The number of disputes between foreign investors and host governments resolved through arbitration has grown drastically over the past several decades. For example, the ICSID caseload in the 70’s and 90’s was 2-4 cases per year while in 2011 it reached 33 cases. To date, approximately 2,700 bilateral investment agreements, free trade agreements, as well as a number of other treaties and national legislation, provide for arbitration of investment disputes. The advantages of the investment arbitration to the investors are clear: the proceeding is governed by internationally recognized standards and procedures, and the resolution does not rely on the national legal system of the host state which could have local bias or be subject to influence by local government. At the same time, states, in competition for investors’ funds, try to provide regulated and transparent investment regime, including arbitrability of investment disputes, which is an important consideration in making the investment decision. In fact, in some instances, investments are structured to use companies in treaty countries as investment vehicles. On the other hand, some have criticized investment arbitration as an unaccountable and non-transparent dispute resolution mechanism that is lengthy, expensive and produces decisions that are arbitrary or fail to give proper deference to legitimate national interests. So what are the mechanisms that allow investors to bring claims against states? What is the procedure to follow when an investor takes a government to arbitration? What forums exist for bringing investment claims and what are their advantages? What are the key recurrent jurisdictional and substantive issues in investment arbitrations? How do arbitrators deal with them? Can a claim be brought against the government based on the actions of a state owned corporation? Can the investor in a non-treaty country use a treaty country company to bring investment claim against a state? What do terms like “bifurcation” and “fork-in-the-road” mean in the context of investment disputes? Is mediation an option for investment disputes? What kind of relief is usually awarded? How are the decisions enforced? Are they appealable? Do the decisions which touch upon them create precedent? Do they contribute to the creation of a consistent body of jurisprudence?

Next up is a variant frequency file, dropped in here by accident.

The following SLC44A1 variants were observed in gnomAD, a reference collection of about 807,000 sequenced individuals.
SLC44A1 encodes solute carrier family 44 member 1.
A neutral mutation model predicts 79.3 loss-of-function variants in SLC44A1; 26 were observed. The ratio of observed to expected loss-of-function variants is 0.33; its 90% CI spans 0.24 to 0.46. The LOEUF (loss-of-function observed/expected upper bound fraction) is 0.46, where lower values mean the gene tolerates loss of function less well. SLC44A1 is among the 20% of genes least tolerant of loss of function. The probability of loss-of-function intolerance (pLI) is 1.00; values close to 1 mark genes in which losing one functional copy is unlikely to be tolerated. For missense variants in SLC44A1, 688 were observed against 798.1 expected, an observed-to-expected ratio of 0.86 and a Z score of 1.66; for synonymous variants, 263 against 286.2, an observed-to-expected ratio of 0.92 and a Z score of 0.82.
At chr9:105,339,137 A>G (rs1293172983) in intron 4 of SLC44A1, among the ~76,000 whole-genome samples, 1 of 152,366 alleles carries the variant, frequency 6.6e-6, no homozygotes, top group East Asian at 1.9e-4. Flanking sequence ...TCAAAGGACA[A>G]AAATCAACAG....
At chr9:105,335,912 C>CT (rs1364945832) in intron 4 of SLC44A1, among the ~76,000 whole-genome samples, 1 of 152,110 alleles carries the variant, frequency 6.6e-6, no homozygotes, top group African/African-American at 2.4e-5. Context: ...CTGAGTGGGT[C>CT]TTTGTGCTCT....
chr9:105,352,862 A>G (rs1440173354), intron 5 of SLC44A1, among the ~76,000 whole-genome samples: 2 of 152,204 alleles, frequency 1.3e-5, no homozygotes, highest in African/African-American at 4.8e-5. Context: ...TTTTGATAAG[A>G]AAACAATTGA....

The panel of internationally recognized experts will address above issues and engage in discussion with the audience regarding arbitration of investment disputes.
Burd Gene - Counsel at Arnall Golden Gregory
Evseev Dmitri - Partner at Arnold & Porter
Braden Susan - Judge, US Court of Federal Claims, Washington, D.C.
Wordsworth Samuel, QC - Essex Court Chamber, London, UK
Ivanyan Khristophor - Partner, Ivanyan & Partners law firm
Kudelich Ekaterina - Deputy Head of International Law and Cooperation of the RF
Lamm Carolyn - US Attorney, Eastern District of NY
Legum Barton - Partner, Salans & Associes
Lynch Loretta - US Attorney, Eastern District of NY
Hendrix Glenn - Partner, Arnall Golden Gregory, LLP, Atlanta, GA